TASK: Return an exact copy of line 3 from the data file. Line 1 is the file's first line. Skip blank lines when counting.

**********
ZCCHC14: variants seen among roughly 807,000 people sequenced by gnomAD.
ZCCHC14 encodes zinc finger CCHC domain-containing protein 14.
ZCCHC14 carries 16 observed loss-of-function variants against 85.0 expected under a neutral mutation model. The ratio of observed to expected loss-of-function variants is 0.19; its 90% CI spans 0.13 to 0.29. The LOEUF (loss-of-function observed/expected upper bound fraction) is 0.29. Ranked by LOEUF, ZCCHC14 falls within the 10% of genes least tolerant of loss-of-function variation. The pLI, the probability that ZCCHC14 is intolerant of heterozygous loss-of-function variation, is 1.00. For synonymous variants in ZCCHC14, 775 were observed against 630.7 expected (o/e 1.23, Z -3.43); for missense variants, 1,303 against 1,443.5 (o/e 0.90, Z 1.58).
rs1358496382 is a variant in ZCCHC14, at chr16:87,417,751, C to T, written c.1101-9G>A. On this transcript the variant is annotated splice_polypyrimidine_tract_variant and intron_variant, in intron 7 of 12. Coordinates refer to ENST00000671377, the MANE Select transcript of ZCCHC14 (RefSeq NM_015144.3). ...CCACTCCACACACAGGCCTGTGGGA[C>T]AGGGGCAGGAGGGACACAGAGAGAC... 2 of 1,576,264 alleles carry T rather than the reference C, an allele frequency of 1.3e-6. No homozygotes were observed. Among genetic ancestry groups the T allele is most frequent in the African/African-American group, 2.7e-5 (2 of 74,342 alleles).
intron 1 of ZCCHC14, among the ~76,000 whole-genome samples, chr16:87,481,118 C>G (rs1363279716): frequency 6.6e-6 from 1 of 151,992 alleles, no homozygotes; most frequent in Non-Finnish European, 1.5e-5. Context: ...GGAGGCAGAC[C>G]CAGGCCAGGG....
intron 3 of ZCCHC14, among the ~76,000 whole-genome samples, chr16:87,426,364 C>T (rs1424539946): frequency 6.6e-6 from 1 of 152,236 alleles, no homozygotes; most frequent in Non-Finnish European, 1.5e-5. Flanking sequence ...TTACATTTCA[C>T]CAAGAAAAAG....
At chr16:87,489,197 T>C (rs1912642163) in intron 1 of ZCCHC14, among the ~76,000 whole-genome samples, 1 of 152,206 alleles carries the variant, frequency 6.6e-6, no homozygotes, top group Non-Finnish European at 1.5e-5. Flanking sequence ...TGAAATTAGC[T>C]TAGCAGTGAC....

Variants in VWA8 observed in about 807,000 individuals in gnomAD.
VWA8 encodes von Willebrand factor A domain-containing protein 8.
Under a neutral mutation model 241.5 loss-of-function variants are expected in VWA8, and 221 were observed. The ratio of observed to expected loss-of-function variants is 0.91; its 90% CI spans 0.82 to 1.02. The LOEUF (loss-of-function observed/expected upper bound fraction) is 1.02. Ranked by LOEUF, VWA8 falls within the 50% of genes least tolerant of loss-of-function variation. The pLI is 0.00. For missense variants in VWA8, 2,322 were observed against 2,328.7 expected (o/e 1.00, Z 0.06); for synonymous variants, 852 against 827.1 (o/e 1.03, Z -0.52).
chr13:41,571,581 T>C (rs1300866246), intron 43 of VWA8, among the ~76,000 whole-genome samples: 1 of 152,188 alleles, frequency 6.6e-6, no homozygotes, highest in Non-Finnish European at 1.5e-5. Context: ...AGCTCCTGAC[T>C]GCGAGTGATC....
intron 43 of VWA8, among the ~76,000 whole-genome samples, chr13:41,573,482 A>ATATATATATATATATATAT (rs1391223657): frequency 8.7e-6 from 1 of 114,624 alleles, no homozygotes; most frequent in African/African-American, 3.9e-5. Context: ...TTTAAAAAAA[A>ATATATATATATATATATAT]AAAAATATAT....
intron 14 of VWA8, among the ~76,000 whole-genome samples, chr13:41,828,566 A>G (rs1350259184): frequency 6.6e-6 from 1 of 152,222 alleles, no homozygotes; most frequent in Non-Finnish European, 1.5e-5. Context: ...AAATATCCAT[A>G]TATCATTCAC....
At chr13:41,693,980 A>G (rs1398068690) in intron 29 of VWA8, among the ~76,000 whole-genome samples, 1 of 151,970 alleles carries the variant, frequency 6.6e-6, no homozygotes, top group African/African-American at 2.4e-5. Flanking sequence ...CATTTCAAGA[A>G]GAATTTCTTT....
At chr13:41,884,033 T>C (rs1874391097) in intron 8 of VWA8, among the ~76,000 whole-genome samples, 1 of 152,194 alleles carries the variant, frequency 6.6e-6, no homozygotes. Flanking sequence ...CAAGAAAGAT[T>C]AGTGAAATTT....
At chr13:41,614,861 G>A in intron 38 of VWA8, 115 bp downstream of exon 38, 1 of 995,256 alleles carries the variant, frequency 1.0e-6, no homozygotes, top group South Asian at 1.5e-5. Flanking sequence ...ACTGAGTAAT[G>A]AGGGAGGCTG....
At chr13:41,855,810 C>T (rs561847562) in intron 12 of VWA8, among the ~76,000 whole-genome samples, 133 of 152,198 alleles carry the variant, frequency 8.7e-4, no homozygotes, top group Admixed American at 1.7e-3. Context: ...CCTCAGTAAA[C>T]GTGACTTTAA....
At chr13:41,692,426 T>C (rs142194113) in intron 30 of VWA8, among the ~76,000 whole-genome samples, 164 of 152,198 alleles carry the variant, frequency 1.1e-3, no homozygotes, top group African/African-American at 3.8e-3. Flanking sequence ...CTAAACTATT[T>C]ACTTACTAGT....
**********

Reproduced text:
ZCCHC14 carries 16 observed loss-of-function variants against 85.0 expected under a neutral mutation model. The ratio of observed to expected loss-of-function variants is 0.19; its 90% CI spans 0.13 to 0.29. The LOEUF (loss-of-function observed/expected upper bound fraction) is 0.29. Ranked by LOEUF, ZCCHC14 falls within the 10% of genes least tolerant of loss-of-function variation. The pLI, the probability that ZCCHC14 is intolerant of heterozygous loss-of-function variation, is 1.00. For synonymous variants in ZCCHC14, 775 were observed against 630.7 expected (o/e 1.23, Z -3.43); for missense variants, 1,303 against 1,443.5 (o/e 0.90, Z 1.58).